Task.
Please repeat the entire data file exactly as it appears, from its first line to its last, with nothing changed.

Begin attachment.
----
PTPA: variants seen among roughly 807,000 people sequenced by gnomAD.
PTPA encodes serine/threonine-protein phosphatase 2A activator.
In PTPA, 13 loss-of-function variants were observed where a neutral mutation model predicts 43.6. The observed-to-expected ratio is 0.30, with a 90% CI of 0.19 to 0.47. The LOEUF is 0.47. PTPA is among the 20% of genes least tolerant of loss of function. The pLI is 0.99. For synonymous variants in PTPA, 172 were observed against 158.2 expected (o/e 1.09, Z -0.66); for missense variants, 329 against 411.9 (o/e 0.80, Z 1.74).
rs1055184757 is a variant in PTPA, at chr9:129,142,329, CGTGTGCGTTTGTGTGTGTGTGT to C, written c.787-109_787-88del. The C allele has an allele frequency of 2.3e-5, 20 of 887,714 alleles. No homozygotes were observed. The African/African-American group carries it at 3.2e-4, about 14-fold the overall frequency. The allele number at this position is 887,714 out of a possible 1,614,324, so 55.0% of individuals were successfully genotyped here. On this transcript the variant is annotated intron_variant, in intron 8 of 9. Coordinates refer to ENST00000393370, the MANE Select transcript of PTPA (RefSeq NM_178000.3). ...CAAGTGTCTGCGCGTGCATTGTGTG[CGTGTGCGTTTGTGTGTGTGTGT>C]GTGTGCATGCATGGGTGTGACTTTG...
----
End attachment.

PTPA: variants seen among roughly 807,000 people sequenced by gnomAD.
PTPA encodes serine/threonine-protein phosphatase 2A activator.
In PTPA, 13 loss-of-function variants were observed where a neutral mutation model predicts 43.6. The observed-to-expected ratio is 0.30, with a 90% CI of 0.19 to 0.47. The LOEUF is 0.47. PTPA is among the 20% of genes least tolerant of loss of function. The pLI is 0.99. For synonymous variants in PTPA, 172 were observed against 158.2 expected (o/e 1.09, Z -0.66); for missense variants, 329 against 411.9 (o/e 0.80, Z 1.74).
rs1055184757 is a variant in PTPA, at chr9:129,142,329, CGTGTGCGTTTGTGTGTGTGTGT to C, written c.787-109_787-88del. The C allele has an allele frequency of 2.3e-5, 20 of 887,714 alleles. No homozygotes were observed. The African/African-American group carries it at 3.2e-4, about 14-fold the overall frequency. The allele number at this position is 887,714 out of a possible 1,614,324, so 55.0% of individuals were successfully genotyped here. On this transcript the variant is annotated intron_variant, in intron 8 of 9. Coordinates refer to ENST00000393370, the MANE Select transcript of PTPA (RefSeq NM_178000.3). ...CAAGTGTCTGCGCGTGCATTGTGTG[CGTGTGCGTTTGTGTGTGTGTGT>C]GTGTGCATGCATGGGTGTGACTTTG...